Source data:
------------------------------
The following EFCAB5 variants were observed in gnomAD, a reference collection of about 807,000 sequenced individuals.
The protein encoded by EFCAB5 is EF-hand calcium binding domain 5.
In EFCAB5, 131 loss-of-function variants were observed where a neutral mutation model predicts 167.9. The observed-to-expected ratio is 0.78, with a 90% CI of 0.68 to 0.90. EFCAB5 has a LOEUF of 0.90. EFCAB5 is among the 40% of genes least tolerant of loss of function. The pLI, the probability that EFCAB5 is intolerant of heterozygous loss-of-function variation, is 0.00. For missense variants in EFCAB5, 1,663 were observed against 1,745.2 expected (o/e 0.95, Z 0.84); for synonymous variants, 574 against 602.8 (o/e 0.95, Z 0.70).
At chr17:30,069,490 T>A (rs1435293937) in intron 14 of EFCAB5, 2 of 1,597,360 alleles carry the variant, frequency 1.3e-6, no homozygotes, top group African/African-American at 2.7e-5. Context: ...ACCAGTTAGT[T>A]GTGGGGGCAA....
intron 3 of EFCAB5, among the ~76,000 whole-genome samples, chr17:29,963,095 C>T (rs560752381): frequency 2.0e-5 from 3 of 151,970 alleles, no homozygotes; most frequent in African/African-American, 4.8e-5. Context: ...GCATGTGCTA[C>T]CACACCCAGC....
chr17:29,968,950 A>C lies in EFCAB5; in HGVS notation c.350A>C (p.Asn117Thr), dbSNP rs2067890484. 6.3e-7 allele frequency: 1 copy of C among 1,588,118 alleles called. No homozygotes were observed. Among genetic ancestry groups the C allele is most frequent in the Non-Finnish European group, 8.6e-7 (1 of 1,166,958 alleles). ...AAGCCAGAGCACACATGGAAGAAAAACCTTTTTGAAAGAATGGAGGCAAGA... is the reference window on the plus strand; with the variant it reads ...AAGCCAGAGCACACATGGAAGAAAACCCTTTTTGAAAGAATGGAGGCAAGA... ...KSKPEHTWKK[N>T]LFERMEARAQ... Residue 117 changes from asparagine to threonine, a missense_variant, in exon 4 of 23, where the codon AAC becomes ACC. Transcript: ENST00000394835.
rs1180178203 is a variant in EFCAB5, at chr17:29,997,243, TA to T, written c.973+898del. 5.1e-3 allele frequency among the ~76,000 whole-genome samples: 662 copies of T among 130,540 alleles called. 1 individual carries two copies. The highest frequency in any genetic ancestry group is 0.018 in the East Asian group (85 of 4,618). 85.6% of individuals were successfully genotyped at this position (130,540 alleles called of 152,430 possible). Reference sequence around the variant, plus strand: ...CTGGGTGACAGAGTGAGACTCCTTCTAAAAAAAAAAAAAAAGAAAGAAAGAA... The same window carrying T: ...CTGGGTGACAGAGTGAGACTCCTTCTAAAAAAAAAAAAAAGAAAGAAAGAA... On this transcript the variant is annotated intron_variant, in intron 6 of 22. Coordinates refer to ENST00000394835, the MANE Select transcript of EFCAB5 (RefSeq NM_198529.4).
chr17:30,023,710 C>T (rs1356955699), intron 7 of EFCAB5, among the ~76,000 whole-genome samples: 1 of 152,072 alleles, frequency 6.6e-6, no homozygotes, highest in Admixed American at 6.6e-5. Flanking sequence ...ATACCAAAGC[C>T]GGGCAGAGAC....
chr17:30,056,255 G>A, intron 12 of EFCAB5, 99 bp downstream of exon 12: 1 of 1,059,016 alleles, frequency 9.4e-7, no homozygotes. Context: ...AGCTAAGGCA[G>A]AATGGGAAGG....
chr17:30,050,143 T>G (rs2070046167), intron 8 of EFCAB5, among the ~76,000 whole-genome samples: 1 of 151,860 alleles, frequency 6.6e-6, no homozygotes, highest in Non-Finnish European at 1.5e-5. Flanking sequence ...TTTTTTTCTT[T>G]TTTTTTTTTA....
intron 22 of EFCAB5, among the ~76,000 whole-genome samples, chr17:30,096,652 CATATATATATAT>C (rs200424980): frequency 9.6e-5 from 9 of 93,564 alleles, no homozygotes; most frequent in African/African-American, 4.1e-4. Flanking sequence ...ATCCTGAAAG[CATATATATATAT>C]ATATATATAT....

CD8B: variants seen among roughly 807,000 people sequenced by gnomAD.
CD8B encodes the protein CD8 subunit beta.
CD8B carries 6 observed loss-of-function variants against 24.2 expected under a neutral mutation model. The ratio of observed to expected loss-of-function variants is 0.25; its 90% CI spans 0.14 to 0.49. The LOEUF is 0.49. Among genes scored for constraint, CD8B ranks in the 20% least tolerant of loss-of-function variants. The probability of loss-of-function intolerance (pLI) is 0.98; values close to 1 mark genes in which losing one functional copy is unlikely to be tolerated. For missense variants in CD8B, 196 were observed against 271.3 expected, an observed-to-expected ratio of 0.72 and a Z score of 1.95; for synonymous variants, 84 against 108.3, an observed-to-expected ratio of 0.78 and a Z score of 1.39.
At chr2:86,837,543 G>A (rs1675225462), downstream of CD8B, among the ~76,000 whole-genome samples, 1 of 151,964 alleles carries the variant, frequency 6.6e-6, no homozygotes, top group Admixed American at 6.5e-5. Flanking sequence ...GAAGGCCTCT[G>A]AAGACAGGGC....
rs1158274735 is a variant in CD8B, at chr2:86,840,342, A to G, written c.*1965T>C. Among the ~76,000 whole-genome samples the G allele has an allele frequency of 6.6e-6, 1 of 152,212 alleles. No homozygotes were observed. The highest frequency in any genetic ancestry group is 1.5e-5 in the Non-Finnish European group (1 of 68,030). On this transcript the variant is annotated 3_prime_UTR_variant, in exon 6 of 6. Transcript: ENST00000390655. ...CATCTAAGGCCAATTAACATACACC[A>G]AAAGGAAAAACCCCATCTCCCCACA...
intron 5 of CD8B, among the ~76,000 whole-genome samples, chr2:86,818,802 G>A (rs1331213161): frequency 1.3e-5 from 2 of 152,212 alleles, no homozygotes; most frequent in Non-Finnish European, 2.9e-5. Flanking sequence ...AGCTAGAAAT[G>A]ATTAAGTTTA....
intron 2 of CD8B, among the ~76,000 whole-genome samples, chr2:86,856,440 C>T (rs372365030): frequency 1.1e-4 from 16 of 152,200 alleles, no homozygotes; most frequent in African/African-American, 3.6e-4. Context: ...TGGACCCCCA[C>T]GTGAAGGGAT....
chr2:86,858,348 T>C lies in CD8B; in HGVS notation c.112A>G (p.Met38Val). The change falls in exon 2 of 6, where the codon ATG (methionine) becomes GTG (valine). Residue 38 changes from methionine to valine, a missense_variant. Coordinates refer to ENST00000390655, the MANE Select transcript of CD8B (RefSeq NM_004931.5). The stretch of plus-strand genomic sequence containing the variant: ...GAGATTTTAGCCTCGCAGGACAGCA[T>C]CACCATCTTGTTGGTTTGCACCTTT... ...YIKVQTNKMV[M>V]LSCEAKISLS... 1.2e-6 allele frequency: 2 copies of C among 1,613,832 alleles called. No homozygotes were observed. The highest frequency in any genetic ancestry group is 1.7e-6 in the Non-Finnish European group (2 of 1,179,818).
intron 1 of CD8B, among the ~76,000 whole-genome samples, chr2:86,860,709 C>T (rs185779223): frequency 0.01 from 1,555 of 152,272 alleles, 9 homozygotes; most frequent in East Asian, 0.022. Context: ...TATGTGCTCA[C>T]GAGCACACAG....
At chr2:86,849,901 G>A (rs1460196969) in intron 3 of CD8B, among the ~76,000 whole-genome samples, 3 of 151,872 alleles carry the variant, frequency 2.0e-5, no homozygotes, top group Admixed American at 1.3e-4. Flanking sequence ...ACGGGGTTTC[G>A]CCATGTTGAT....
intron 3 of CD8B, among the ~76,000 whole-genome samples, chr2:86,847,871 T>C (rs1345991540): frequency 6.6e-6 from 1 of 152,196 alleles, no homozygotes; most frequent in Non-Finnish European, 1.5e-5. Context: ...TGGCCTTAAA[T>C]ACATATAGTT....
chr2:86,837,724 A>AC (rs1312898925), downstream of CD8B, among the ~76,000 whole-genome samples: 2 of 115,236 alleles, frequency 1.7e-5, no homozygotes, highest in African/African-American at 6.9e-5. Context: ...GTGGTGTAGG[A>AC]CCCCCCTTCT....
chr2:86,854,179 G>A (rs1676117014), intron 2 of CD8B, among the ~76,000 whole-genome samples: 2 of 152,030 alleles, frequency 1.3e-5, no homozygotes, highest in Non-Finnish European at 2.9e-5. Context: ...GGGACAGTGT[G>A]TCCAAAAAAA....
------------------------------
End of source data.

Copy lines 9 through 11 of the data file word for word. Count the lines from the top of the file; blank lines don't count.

chr17:30,056,255 G>A, intron 12 of EFCAB5, 99 bp downstream of exon 12: 1 of 1,059,016 alleles, frequency 9.4e-7, no homozygotes. Context: ...AGCTAAGGCA[G>A]AATGGGAAGG....
chr17:30,050,143 T>G (rs2070046167), intron 8 of EFCAB5, among the ~76,000 whole-genome samples: 1 of 151,860 alleles, frequency 6.6e-6, no homozygotes, highest in Non-Finnish European at 1.5e-5. Flanking sequence ...TTTTTTTCTT[T>G]TTTTTTTTTA....
intron 22 of EFCAB5, among the ~76,000 whole-genome samples, chr17:30,096,652 CATATATATATAT>C (rs200424980): frequency 9.6e-5 from 9 of 93,564 alleles, no homozygotes; most frequent in African/African-American, 4.1e-4. Flanking sequence ...ATCCTGAAAG[CATATATATATAT>C]ATATATATAT....